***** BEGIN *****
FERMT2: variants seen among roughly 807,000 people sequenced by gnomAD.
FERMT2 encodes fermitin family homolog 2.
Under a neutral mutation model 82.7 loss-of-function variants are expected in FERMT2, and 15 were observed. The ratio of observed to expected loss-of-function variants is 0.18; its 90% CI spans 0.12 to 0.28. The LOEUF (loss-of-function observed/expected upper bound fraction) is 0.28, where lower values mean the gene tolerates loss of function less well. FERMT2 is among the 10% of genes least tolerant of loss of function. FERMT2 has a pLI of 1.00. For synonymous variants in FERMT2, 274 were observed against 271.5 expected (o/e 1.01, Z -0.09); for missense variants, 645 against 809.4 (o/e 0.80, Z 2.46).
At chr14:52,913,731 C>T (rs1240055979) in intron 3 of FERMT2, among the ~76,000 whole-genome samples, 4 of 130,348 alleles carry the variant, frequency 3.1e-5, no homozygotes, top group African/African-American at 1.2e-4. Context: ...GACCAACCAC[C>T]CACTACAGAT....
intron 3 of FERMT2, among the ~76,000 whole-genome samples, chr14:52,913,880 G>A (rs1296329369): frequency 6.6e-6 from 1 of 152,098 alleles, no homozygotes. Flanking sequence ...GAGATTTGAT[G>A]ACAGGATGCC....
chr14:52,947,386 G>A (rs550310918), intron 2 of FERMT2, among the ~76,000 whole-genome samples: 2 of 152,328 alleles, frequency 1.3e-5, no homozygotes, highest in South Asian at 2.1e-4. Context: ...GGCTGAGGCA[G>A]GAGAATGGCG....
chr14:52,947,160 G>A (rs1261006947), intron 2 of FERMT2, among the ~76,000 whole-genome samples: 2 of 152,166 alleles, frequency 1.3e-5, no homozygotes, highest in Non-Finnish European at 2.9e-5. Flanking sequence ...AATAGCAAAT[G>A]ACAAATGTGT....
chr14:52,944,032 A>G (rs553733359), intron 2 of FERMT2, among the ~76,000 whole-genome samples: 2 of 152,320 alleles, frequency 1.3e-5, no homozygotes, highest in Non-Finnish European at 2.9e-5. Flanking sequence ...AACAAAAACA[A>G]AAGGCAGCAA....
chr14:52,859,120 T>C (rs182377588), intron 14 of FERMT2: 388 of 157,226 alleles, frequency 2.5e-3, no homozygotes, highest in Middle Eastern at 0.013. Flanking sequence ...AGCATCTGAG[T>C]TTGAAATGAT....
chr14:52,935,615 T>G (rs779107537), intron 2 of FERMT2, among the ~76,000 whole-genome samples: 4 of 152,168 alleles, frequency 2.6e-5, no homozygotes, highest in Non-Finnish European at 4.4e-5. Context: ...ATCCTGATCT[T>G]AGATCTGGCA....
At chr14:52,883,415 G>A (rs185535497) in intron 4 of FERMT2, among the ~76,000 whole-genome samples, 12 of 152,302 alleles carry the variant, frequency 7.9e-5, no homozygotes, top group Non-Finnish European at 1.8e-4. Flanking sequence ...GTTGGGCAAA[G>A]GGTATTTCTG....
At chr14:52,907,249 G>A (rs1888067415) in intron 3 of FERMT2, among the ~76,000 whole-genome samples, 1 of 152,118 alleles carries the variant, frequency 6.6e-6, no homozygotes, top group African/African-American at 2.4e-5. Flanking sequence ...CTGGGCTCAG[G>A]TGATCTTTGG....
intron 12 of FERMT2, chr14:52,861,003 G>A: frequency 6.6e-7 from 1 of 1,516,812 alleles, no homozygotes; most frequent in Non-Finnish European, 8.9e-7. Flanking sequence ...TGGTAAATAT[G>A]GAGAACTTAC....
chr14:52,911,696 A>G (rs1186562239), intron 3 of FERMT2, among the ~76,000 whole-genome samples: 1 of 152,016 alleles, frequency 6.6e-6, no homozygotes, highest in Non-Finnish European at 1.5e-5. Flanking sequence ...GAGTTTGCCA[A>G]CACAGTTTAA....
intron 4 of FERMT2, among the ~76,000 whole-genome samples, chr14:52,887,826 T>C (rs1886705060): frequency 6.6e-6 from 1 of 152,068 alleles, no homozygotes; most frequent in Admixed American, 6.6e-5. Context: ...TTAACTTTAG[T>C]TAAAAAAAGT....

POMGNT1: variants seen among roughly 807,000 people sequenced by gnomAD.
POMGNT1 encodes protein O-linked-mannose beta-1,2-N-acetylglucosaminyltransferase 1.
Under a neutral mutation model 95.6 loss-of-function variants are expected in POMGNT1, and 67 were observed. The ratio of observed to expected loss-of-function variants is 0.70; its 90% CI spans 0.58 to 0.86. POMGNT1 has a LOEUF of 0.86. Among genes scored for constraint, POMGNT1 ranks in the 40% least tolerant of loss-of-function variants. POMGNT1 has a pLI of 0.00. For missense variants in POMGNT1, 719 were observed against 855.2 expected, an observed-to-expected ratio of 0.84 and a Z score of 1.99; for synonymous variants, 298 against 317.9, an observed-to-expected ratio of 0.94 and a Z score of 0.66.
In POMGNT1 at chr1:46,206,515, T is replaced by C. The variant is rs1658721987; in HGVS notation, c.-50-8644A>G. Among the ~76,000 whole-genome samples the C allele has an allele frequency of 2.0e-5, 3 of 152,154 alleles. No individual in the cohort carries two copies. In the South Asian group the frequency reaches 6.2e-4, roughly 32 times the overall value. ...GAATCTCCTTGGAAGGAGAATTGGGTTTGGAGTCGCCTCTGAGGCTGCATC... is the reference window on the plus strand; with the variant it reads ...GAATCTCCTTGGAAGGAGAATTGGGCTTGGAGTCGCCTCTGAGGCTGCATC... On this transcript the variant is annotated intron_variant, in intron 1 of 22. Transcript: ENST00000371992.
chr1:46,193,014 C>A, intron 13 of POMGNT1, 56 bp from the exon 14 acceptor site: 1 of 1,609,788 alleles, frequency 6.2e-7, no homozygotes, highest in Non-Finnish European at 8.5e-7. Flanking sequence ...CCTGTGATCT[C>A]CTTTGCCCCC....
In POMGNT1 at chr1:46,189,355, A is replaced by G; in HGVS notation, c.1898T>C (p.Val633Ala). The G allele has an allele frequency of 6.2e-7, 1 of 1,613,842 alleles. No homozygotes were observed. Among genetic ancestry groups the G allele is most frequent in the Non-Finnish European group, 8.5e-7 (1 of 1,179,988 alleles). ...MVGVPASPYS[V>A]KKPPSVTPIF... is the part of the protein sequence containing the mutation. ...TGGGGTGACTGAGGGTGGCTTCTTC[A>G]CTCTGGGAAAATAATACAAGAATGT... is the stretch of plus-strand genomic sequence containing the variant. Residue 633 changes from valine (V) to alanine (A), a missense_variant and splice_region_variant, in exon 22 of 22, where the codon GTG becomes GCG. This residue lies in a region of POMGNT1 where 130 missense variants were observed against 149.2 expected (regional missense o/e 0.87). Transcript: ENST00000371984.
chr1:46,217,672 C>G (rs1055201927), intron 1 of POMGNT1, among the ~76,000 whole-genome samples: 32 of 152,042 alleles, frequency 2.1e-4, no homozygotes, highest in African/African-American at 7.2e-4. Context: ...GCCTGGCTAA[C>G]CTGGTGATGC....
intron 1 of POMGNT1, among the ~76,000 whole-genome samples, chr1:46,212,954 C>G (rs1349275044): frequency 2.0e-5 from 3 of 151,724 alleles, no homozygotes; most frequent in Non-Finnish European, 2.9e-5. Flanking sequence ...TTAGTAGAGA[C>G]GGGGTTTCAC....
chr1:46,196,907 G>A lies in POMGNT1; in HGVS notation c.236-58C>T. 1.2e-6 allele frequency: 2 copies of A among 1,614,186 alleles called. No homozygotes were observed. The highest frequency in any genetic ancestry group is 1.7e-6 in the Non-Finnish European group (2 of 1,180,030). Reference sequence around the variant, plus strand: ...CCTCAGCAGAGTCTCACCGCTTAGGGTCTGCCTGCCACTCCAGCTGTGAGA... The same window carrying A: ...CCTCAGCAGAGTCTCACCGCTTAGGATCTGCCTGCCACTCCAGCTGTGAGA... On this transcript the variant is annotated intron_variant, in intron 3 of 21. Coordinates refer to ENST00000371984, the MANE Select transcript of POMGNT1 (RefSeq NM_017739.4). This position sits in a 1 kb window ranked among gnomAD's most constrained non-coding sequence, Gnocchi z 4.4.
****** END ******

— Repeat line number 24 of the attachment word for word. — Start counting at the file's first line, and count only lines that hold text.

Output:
chr1:46,196,907 G>A lies in POMGNT1; in HGVS notation c.236-58C>T. 1.2e-6 allele frequency: 2 copies of A among 1,614,186 alleles called. No homozygotes were observed. The highest frequency in any genetic ancestry group is 1.7e-6 in the Non-Finnish European group (2 of 1,180,030). Reference sequence around the variant, plus strand: ...CCTCAGCAGAGTCTCACCGCTTAGGGTCTGCCTGCCACTCCAGCTGTGAGA... The same window carrying A: ...CCTCAGCAGAGTCTCACCGCTTAGGATCTGCCTGCCACTCCAGCTGTGAGA... On this transcript the variant is annotated intron_variant, in intron 3 of 21. Coordinates refer to ENST00000371984, the MANE Select transcript of POMGNT1 (RefSeq NM_017739.4). This position sits in a 1 kb window ranked among gnomAD's most constrained non-coding sequence, Gnocchi z 4.4.